Washington's Metrorail system is significantly safer now than it was last year when a train crash killed nine people and injured dozens of others, the head of the National Transportation Safety Board said Thursday.
In July, the board's Deborah Hersman issued a scathing report criticizing an "anemic safety culture" at the nation's second largest subway system that contributed to the June 2009 crash near the system's Fort Totten station. It was the worst accident in the system's history and one of several fatal accidents in recent years.
But in sworn testimony Thursday in front of a congressional oversight committee, Hersman said Metro has made clear progress on safety and begun to implement more than a dozen NTSB recommendations.
"They have done a lot of learning in the last year-plus," Hersman said of Metro's management. "The Metro board was very willing to listen to the (NTSB) and has been willing to take those lessons to heart."
Metro's general manager, Richard Sarles, agreed that they system is safer but cautioned that "we have a long way to go."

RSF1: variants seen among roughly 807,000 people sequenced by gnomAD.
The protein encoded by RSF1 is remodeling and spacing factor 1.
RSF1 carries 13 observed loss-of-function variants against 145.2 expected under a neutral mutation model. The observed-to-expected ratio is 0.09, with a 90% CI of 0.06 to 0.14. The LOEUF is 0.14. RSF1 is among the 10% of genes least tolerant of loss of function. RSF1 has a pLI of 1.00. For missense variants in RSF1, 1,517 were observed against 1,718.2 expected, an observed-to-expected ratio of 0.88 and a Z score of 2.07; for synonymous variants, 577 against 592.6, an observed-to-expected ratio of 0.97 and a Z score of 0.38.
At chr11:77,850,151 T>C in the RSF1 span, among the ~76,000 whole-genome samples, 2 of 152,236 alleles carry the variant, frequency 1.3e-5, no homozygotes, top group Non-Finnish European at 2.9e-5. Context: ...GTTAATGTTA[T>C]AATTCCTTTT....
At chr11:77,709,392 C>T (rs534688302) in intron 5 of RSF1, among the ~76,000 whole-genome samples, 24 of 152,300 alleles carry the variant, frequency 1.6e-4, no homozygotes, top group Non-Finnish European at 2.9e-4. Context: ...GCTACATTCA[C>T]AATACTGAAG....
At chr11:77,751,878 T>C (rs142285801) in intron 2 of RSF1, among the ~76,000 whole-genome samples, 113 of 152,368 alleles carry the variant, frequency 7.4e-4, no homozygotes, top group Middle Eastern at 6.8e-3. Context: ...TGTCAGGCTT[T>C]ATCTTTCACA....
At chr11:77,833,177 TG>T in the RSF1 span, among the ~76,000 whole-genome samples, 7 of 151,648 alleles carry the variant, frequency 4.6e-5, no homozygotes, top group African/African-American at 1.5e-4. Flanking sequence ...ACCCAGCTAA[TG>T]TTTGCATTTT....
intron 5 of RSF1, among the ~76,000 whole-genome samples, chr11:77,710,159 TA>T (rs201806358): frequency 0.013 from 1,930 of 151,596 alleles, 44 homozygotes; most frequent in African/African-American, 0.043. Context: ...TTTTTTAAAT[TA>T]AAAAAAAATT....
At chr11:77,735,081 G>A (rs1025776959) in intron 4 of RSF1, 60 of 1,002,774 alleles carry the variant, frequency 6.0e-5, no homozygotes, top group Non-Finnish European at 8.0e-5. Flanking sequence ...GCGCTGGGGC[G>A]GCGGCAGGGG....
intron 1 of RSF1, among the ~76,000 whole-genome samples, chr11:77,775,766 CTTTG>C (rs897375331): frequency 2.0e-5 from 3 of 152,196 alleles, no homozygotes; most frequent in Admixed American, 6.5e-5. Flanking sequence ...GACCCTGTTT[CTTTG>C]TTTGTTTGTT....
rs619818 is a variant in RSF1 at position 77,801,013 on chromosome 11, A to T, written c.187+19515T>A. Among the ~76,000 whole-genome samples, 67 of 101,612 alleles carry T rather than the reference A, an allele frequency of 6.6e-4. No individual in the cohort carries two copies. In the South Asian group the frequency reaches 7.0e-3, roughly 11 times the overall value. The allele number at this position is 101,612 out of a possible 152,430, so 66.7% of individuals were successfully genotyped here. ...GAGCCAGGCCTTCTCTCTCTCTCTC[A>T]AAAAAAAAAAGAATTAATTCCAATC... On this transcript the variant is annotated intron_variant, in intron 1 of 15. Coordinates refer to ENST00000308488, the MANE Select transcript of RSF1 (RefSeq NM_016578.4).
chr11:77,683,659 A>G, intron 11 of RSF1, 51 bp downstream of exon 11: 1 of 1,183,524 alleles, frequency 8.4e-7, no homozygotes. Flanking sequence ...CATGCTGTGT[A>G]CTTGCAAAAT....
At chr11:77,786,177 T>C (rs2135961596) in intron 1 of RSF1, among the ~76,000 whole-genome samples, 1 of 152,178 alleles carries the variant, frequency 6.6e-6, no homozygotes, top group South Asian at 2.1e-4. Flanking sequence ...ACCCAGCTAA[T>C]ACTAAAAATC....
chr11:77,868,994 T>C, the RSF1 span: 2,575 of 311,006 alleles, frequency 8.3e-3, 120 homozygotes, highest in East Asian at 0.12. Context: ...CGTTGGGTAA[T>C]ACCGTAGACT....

Among the improvements cited by Hersman and Sarles:
- A contract to begin replacing the Metro system's oldest rail cars, which the NTSB has said crumple like accordions in a crash and need to be replaced. The new cars will not start coming on line, though, until 2013.
- A new, experienced safety officer who reports directly to the general manager, and the filling of roughly a dozen vacancies in jobs dedicated to safety.
- A safety hotline that allows workers to report problems anonymously if they choose.
Some of the changes touted by Metro management, though, have not really been felt by all of the frontline workers, said Anthony Garland, secretary of the Amalgamated Transit Union local that represents Metro employees.
For years, Garland said, Metro workers were subjected to a system "where the solution to everything was to increase discipline on the work force." Morale suffered as a result, he said.
Del. Eleanor Holmes Norton, D-D.C., who chaired the bulk of the hearing, said Metro needs to fully implement a system that ensures workers are not punished for bringing safety issues to the attention of superiors.
Overall, though, Norton said after the hearing that commuters should feel confident that improvements are being made and that it's safe to ride the system.
Funding issues also remain a problem. The Metro board recently approved a $5 billion, 6-year capital budget, its largest since the system began operations. But even then, Metro remains several billion dollars short of what is needed.